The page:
DETROIT — March Madness, Tom Izzo and Michigan State are synonymous. It’s been 22 seasons since the three weren’t combined, and it’s been that long since the Spartans went three years without playing in the Sweet 16 of the NCAA Tournament.
Whether or not the latter streak comes to an end this year — and that can happen following a first-round loss to Middle Tennessee State in 2016 and second-round exit against Kansas last year — Izzo’s coaching legacy at Michigan State and within the world of basketball is secure.
“I think as usual he hasn’t done a good job, he’s done an exceptional job,” said Westwood One radio analyst P.J. Carlesimo. “It’s one of his best jobs, but I just expect that of Izz. He’s going to do that every year. He’s a fabulous coach, a great person. I know how difficult it’s been but I think he’s done extremely well.”
It has been a difficult season for the coach, the program and the entire university community because of the Larry Nassar case as well as allegations that the school and its athletic department have been negligent in pursuing allegations of sexual assault and violence against women.
There was little talk about those off-court situations Thursday as Michigan State, the No. 3 seed in the Midwest Regional, prepared for its first-round game against No. 14 Bucknell at Little Caesars Arena. Tip-off is scheduled for 7:10 p.m. Friday night with the winner advancing to the second round on Sunday against either No. 6 TCU or No. 11 Syracuse. The Spartans practiced for 40 minutes Friday in front of several hundred green-clad fans, with shouts of “Go Green… Go White” reverberating during the session.
Michigan State (29-4) won the Big Ten regular-season championship (its eighth under Izzo) and had a 13-game winning streak before falling to Michigan in the Big Ten Tournament semifinals on March 3. That time off has given the team and its Hall of Fame coach — oh, yeah, remember he’s in the Naismith Basketball Hall of Fame — time to take a deep breath and focus on their goal of winning the program’s third national championship. The last one came in 2000, which is also the last time a Big Ten team won the title.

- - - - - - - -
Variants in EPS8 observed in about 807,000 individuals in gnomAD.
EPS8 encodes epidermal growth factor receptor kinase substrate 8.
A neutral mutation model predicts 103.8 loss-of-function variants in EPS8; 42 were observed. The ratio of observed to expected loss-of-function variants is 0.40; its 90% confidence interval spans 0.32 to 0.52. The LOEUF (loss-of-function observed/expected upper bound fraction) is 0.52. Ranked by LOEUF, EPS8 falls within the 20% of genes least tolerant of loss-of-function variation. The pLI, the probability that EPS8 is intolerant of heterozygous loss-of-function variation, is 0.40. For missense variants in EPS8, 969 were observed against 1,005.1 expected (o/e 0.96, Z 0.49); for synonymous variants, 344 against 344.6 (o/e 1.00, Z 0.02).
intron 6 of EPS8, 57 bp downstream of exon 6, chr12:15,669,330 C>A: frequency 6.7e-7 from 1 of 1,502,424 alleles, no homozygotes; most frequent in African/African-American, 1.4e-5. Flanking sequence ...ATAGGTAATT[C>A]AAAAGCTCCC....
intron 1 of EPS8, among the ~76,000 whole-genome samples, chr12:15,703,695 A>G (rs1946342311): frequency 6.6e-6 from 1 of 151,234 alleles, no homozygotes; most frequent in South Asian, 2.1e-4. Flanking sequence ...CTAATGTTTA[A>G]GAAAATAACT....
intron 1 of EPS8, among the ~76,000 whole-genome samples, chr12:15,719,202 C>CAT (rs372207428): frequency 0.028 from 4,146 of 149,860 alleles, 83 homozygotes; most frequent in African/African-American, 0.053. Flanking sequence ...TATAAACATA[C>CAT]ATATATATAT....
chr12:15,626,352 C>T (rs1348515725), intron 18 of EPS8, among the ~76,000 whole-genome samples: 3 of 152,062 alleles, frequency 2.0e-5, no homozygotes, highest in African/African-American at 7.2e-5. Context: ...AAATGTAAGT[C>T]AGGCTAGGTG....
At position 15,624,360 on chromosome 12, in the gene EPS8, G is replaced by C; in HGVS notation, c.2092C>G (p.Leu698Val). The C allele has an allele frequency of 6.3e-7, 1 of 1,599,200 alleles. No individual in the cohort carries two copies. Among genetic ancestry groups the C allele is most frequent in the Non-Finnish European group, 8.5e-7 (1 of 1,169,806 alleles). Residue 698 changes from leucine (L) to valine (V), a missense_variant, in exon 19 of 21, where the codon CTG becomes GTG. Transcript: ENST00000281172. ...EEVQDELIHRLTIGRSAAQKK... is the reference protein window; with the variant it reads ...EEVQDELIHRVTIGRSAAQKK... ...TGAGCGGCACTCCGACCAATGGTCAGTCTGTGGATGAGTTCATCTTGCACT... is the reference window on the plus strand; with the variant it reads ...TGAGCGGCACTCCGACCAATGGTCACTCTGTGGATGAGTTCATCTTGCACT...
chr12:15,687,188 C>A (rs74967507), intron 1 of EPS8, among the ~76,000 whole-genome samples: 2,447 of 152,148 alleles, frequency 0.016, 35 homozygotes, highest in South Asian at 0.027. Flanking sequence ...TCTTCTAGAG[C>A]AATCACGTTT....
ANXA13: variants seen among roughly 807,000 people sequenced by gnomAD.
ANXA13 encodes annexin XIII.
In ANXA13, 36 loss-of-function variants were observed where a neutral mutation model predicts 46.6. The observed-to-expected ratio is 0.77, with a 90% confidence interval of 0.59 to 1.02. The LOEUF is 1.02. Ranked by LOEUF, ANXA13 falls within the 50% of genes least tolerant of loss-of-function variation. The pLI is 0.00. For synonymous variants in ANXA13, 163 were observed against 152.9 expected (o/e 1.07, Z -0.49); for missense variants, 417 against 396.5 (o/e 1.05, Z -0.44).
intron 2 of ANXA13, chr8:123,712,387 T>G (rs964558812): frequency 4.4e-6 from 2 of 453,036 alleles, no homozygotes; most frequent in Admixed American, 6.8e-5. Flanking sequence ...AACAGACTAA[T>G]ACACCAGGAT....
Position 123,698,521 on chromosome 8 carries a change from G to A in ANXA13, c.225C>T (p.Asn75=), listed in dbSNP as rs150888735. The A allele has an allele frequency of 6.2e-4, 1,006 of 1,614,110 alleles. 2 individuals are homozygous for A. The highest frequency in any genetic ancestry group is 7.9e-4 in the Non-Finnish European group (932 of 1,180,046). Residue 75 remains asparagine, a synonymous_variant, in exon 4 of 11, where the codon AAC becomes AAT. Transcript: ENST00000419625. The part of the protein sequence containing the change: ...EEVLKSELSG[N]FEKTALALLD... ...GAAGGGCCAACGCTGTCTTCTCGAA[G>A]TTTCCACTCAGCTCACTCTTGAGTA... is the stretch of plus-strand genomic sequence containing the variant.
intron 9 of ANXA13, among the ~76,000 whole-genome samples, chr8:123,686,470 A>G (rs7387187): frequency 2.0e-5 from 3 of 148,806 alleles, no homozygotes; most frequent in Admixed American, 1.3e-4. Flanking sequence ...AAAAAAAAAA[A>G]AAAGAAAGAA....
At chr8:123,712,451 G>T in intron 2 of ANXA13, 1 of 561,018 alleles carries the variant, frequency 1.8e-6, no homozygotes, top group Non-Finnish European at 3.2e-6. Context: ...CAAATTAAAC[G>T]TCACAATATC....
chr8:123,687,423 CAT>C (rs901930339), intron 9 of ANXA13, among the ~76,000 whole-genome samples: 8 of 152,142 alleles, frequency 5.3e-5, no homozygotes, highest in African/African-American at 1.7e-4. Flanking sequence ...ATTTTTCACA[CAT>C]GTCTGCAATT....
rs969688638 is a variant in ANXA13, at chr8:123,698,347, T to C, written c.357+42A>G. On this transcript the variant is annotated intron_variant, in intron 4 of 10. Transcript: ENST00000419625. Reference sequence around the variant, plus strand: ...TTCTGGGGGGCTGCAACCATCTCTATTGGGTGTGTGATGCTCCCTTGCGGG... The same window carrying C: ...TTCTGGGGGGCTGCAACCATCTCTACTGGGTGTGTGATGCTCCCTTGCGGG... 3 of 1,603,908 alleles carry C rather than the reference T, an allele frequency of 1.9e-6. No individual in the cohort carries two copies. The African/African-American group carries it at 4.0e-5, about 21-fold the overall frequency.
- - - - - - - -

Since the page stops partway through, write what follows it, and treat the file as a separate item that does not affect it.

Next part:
This is a team that came in with high expectations. It was ranked No. 2 in the country in the preseason AP Top 25, has never been ranked lower than No. 9, and has been ranked outside the top 5 for just two weeks all season. It is No. 5 currently, despite the NCAA selection committee giving it a No. 3 seed.
“When there’s noise and, I mean, no matter what it’s from, every player kind of acts differently and accepts it or doesn’t accept it,” Izzo said. “Probably of all the things that I’ve had to coach this year, that’s the hardest is trying to figure out: is it because of this, is it because of this or is it because of this?
“There were times I was maybe a little harder on them. But probably more often than not I wasn’t. And I’m not sure that’s good either. But that’s the balancing act that you had to do. I mean, that was the situation we were presented, and I think, as I look back on it, whenever it’s all over, I’m going to appreciate how well our guys handled it but I will also say how probably difficult it was for them.”
History says see you in Omaha
Michigan State missed the tournament in Izzo’s first two seasons after he took over for Jud Heathcote in 1995-96. The Spartans went to the regional semifinals in 1998 and then to the first of Izzo’s seven Final Fours in 1999. Michigan State has played in the Sweet 16 13 times in 20 previous NCAA appearances during the Izzo era. This is just the second time it has gone as many as two years without a trip to the regional semifinals since the streak of 21 consecutive NCAA Tournament berths began in 1998.
“It shocks just from the point of how great and successful he’s been. I think that says a lot. It’s kind of a cool stat,” said Matt Steigenga, radio analyst on the Spartan Sports Network. “I think it’s hard to quantify [the job Izzo has done] because of the expectations. If you lose, people are going to ask ‘what went wrong?’ I think given what he had and where they ended up, he did what he was supposed to do. He was good to very good. Do you give him an excellent? I don’t know. Maybe.”
Carlesimo agreed. Carlesimo coached for 18 seasons in college, including leading Seton Hall to six NCAA Tournaments and a runner-up finish in 1989, before a 16-year NBA coaching career that included 10 seasons as a head coach.
“I always think it’s tougher to coach [with high expectations] but we’d all rather have that,” Carlesimo said. “As long as they’re legit expectations, not if you’re overrated. I’d rather have really good players and be expected to be really good, and have to live up to that, than have to try to overcome a talent gap.”
Michigan State is favored to be playing next weekend in Omaha, Neb. History says Izzo and the Spartans will be there.
If they’re not, it’ll be a disappointment. There will be questions but it won’t change Izzo’s coaching legacy.